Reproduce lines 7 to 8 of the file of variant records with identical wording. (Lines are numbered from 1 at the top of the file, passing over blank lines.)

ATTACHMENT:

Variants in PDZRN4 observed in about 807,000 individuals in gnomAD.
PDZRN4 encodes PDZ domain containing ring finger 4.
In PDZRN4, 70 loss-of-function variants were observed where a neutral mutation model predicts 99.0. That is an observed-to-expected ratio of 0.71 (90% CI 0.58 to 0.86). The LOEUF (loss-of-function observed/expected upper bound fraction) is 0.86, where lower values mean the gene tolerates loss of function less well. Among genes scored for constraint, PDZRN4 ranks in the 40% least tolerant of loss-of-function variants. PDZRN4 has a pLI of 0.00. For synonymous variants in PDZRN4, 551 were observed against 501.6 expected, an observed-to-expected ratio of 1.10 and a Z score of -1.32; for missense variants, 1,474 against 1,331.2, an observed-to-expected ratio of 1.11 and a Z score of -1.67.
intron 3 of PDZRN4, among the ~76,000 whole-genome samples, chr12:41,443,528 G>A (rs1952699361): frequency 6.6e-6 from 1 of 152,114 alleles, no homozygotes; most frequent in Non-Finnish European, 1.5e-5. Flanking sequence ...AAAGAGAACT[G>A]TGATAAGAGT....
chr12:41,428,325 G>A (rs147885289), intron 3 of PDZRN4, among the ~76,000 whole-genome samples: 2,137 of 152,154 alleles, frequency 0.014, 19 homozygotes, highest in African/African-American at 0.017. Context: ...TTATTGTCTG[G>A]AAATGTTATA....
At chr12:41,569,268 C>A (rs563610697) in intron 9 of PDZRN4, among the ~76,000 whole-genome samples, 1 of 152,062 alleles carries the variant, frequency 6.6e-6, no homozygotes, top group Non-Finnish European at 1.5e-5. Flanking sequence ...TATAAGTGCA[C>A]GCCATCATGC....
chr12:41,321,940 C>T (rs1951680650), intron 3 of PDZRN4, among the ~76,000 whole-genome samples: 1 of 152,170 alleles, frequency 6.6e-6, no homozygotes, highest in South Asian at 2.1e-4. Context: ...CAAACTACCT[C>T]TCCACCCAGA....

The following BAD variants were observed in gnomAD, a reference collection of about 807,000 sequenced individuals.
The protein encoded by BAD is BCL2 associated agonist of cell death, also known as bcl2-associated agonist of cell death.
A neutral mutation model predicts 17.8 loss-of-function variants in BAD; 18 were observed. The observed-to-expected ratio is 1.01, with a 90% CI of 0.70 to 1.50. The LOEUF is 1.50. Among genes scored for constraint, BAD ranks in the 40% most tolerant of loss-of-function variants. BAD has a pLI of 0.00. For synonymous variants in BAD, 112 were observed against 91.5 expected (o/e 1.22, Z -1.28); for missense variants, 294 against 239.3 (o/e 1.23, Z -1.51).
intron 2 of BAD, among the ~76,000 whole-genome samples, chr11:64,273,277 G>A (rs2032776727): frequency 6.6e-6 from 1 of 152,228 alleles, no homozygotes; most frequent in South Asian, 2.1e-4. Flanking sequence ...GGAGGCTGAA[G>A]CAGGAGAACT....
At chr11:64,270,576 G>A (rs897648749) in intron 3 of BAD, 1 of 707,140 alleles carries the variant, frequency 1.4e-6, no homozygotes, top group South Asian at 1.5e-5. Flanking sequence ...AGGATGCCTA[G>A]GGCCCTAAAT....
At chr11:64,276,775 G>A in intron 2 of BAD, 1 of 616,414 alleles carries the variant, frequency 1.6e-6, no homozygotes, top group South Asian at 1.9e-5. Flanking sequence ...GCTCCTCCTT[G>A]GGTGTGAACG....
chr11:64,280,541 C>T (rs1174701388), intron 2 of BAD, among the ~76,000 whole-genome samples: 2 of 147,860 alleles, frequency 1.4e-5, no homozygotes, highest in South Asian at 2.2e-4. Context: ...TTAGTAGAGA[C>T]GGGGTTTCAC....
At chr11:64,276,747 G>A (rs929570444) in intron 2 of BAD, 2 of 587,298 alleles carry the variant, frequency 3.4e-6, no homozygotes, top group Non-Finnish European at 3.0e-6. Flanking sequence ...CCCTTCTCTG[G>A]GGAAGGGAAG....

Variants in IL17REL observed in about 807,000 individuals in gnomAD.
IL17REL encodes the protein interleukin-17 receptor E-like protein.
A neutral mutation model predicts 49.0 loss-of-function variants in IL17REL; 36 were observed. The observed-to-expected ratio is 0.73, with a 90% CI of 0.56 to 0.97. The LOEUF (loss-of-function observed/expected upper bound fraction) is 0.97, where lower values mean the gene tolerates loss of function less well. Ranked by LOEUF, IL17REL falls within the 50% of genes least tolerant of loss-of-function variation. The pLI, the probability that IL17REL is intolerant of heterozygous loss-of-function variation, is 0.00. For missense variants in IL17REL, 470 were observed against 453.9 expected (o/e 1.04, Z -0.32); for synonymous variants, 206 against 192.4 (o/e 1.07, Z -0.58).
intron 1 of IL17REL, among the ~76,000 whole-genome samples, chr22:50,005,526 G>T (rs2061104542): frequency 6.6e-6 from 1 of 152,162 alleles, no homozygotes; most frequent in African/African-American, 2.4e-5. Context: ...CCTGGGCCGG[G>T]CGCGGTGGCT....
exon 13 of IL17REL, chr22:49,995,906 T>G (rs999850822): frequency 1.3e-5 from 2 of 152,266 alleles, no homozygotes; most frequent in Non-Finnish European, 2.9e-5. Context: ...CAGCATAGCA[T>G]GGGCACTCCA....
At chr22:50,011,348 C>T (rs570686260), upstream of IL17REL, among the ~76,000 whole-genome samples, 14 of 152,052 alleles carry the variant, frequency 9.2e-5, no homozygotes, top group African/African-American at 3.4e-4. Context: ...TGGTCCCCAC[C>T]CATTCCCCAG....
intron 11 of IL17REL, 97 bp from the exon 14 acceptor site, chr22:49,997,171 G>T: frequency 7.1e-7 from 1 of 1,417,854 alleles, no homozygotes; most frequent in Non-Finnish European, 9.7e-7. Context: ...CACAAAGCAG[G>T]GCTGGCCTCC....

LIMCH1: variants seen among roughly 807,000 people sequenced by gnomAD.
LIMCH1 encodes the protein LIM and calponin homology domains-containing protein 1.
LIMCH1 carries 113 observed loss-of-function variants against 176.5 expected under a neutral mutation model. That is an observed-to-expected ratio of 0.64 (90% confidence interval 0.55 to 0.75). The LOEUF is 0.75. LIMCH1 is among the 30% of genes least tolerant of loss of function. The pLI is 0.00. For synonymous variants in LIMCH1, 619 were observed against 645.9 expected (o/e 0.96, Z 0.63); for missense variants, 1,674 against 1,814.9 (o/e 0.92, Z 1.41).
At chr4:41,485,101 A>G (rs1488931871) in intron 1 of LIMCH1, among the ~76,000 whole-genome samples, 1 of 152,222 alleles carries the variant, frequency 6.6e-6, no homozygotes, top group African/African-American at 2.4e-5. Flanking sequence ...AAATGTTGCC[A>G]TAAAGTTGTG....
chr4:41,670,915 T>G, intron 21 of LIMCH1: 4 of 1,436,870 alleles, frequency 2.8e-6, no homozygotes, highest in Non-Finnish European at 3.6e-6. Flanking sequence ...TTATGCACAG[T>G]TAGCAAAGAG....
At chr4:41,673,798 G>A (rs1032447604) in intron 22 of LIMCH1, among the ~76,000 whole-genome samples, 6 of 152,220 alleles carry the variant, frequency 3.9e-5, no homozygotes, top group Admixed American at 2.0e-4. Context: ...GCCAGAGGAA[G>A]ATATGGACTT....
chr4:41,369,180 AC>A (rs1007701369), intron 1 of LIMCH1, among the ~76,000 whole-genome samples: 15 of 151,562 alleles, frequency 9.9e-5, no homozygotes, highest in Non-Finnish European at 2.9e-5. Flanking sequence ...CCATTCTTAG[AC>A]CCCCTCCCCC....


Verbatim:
chr12:41,321,940 C>T (rs1951680650), intron 3 of PDZRN4, among the ~76,000 whole-genome samples: 1 of 152,170 alleles, frequency 6.6e-6, no homozygotes, highest in South Asian at 2.1e-4. Context: ...CAAACTACCT[C>T]TCCACCCAGA....

The following BAD variants were observed in gnomAD, a reference collection of about 807,000 sequenced individuals.